Epicor's Mid-Market Pitch Becomes Higher For (One) Scala Part One: Event Summary

Event Summary

While the market has for some time been buzzing about the (for many still miraculous) predatory comeback of SSA Global, another true mid-market incumbent vendor, Epicor Software Corporation (NASDAQ: EPIC), should be lauded too for its recent revival. Like SSA Global, and intriguingly in the same time frame, Epicor did not have much upbeat news for several years following on its progenitors' (i.e., erstwhile Platinum Corporation and Dataworks) merger in 1998 and subsequent name change from Platinum to Epicor in 1999. Nevertheless, in the past two years, Epicor has seemingly achieved a turnaround both in terms of its financial performance and of its strategy clarity. It has also for over two years reverted to its, this time possibly more selective, acquisition streak starting with the Clarus e-procurement acquisition at the end of 2002, and former ROI Systems and TDC Solutions acquisitions mid-2003 (for more information, see Epicor Picks Clarus' Bargain At The Software Flea Market and Epicor Conducts Its Own ROI Acquisition Rationale).

As highlighted in the above articles, it appears this time though that Epicor has learned some hard lessons from its cumbersome inception through mergers that had initially resulted in unrelated, diverse products, and all in the face of the overall weakness of the enterprise resource planning (ERP) market during 1999 and 2000. Thus, the Scala merger too seems to have much of a strategic merit as opposed to a knee-jerk, me too' impulse owing to the ongoing consolidation craze in the market. While customers want their enterprise applications providers to oblige them with new products and technologies, vendors in turn feel compelled to increase revenues and market share as to be able to justify funding of new product development.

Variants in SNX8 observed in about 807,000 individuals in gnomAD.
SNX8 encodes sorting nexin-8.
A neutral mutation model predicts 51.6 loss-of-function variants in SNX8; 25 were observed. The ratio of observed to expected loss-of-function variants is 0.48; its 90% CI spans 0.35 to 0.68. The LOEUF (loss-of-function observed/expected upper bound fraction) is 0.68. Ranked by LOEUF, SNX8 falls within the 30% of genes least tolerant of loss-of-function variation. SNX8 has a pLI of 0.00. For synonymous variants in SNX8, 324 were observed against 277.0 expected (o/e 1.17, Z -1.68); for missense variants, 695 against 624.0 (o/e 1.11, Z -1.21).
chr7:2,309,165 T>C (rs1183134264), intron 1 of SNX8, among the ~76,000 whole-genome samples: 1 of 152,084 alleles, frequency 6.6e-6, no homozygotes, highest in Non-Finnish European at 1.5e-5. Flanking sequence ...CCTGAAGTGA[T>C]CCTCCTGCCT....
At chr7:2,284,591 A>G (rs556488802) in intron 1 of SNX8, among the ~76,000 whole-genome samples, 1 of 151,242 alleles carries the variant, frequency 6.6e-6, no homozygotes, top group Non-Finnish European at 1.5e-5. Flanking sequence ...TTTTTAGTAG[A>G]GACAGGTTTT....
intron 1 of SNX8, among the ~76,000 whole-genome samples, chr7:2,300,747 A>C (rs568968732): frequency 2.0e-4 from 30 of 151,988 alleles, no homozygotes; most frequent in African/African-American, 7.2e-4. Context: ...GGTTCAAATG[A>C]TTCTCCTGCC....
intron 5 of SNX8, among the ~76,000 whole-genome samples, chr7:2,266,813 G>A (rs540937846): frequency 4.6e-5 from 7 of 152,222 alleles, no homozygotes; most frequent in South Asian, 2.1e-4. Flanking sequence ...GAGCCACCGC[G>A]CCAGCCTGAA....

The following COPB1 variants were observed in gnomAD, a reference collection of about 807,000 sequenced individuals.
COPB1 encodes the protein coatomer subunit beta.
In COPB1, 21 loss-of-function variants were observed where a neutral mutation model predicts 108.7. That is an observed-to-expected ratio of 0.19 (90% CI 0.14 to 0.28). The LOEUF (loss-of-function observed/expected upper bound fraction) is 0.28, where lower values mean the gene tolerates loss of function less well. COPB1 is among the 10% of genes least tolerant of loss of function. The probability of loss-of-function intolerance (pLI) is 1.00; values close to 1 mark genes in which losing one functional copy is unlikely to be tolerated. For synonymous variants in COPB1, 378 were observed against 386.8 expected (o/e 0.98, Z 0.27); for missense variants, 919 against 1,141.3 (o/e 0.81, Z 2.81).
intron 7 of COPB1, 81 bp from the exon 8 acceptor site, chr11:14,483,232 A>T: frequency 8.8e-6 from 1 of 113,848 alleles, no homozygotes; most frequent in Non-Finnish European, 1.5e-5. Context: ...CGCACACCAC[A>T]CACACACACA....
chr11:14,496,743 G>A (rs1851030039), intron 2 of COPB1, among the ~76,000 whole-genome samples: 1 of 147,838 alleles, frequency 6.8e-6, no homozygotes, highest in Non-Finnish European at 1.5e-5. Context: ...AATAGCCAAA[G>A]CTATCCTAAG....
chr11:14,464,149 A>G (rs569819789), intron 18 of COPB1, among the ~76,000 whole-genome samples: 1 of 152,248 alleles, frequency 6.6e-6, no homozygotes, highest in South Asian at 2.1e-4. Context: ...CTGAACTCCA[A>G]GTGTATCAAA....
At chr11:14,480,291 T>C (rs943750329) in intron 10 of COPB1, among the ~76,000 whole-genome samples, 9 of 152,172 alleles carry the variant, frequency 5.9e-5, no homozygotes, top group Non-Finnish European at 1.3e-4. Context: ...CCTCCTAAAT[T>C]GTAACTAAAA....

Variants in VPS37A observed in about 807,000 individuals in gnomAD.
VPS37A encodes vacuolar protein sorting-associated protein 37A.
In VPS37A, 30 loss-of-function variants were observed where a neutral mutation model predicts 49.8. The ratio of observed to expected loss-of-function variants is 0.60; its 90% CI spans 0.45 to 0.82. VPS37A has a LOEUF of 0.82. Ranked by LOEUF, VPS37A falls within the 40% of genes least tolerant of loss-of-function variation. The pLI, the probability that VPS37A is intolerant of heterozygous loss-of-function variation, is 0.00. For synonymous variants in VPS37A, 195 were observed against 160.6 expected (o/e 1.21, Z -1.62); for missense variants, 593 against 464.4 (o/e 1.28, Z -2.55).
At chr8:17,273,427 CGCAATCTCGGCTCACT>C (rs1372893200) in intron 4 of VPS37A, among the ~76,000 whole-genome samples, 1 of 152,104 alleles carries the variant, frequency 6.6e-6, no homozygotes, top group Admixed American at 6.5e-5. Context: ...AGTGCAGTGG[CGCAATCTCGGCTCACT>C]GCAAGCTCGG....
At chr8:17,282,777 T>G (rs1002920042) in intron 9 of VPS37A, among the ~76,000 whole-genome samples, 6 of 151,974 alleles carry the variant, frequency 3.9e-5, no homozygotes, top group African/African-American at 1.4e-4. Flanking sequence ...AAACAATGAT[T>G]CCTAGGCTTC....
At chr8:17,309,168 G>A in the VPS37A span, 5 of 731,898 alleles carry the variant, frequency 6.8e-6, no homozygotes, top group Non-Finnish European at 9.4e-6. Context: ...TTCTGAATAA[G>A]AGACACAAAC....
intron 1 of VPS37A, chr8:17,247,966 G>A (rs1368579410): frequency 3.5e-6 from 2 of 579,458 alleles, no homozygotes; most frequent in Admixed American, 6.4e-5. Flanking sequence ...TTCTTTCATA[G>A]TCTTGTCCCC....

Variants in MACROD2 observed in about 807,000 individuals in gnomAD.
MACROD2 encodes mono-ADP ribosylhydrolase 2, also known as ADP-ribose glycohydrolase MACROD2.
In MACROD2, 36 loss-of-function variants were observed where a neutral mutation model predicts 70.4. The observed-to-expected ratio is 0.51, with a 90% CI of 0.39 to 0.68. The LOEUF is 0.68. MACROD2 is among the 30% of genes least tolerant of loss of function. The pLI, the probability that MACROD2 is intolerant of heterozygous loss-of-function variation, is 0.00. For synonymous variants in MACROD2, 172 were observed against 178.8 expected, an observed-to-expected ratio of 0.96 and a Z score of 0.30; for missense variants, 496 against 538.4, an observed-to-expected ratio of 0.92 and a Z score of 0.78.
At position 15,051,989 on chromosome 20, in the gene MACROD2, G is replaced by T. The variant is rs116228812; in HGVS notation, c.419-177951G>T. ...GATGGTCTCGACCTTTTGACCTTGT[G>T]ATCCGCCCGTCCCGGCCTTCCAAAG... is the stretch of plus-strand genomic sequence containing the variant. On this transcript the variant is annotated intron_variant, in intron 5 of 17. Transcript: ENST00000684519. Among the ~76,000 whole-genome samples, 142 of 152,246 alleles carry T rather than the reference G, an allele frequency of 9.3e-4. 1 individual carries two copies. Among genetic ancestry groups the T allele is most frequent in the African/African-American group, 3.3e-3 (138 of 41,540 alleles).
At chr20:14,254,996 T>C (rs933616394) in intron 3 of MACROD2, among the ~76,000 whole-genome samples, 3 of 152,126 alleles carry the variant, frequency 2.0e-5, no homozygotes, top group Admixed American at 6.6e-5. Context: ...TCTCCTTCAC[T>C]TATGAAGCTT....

To that end, Epicor pledges to continue to invest in its products and to grow both organically and through acquisitions, in order to assemble the right mix of back-office, front-office, and collaborative e-business functions, delivered under a single-point accountability (i.e., "one-stop shop" and "one throat to choke") approach that is overwhelmingly desired by its target market. While in the past Epicor would integrate with partner products for best-of-breed solutions to accommodate these requirements, it has lately been expanding the boundaries of traditional ERP by building fully integrated applications that are based on the same technology and toolsets, and possibly delivered all from a single vendor.